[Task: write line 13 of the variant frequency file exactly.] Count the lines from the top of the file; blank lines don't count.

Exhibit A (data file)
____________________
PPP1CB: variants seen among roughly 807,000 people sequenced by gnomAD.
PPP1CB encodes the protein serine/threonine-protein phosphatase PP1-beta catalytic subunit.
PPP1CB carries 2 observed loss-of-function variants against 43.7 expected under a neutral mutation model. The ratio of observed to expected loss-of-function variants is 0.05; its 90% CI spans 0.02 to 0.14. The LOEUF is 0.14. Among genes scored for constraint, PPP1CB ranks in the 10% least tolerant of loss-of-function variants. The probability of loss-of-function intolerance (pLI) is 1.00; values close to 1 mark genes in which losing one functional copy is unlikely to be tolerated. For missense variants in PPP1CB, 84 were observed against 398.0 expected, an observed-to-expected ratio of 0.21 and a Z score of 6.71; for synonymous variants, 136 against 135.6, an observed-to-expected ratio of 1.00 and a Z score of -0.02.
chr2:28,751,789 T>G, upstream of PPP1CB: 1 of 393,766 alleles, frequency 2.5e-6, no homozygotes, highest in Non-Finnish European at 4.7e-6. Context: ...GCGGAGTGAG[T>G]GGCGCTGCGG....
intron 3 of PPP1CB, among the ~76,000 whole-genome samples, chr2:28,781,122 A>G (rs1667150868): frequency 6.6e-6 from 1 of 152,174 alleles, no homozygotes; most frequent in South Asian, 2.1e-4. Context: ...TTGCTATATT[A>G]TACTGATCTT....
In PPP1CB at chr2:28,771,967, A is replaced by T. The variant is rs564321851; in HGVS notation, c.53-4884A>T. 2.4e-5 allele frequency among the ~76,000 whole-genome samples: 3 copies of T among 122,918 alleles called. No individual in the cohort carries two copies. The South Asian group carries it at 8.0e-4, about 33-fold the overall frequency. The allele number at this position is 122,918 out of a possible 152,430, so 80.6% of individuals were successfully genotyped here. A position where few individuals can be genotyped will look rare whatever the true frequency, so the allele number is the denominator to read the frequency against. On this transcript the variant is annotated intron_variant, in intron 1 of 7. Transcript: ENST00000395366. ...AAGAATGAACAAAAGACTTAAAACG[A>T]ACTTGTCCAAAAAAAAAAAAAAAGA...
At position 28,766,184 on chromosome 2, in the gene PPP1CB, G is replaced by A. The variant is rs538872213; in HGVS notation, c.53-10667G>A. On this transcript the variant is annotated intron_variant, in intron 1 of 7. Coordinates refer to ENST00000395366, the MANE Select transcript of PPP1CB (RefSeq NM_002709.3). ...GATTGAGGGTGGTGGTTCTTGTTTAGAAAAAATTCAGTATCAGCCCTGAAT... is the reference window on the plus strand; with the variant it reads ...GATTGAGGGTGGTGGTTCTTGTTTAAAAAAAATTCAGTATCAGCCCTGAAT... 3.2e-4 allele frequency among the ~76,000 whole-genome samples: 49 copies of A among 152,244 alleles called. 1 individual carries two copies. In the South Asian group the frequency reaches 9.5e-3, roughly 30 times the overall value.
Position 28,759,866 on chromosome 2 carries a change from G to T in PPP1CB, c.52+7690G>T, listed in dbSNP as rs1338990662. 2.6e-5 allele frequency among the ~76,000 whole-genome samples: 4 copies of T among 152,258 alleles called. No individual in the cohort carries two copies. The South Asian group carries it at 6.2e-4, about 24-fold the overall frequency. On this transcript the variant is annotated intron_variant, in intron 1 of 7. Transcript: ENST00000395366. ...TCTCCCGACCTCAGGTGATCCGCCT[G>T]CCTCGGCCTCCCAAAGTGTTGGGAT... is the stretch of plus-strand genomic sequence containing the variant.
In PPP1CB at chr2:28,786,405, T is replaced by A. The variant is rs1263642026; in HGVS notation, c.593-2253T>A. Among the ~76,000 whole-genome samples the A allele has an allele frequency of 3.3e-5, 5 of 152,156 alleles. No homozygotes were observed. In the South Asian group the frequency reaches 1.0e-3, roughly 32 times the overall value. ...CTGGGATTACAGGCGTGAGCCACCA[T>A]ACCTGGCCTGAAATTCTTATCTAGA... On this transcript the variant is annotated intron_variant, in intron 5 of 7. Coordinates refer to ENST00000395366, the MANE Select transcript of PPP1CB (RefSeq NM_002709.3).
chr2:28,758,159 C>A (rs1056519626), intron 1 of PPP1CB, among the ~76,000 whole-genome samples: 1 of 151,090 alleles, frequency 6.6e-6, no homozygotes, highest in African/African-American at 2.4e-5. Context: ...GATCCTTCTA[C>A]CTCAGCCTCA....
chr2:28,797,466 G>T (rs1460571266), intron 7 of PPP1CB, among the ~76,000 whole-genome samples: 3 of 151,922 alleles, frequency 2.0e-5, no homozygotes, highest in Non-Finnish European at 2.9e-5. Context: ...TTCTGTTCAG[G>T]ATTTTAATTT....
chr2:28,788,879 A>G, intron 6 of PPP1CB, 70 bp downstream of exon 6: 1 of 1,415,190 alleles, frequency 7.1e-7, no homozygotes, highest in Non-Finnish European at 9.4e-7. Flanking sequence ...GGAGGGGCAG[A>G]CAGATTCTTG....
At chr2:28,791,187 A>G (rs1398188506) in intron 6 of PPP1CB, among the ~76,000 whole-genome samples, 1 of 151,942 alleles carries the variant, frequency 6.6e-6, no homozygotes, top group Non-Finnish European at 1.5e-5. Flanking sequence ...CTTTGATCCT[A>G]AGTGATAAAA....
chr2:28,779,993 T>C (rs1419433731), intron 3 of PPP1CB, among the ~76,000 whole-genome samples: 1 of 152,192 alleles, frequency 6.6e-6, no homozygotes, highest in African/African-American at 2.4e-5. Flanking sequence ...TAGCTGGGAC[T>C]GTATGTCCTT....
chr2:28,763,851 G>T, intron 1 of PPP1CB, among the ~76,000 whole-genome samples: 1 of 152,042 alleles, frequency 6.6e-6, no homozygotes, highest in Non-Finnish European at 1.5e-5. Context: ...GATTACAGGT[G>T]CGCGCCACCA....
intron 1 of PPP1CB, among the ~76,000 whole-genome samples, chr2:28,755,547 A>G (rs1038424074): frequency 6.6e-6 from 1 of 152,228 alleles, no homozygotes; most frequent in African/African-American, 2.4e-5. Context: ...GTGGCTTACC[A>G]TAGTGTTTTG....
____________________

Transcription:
At chr2:28,791,187 A>G (rs1398188506) in intron 6 of PPP1CB, among the ~76,000 whole-genome samples, 1 of 151,942 alleles carries the variant, frequency 6.6e-6, no homozygotes, top group Non-Finnish European at 1.5e-5. Flanking sequence ...CTTTGATCCT[A>G]AGTGATAAAA....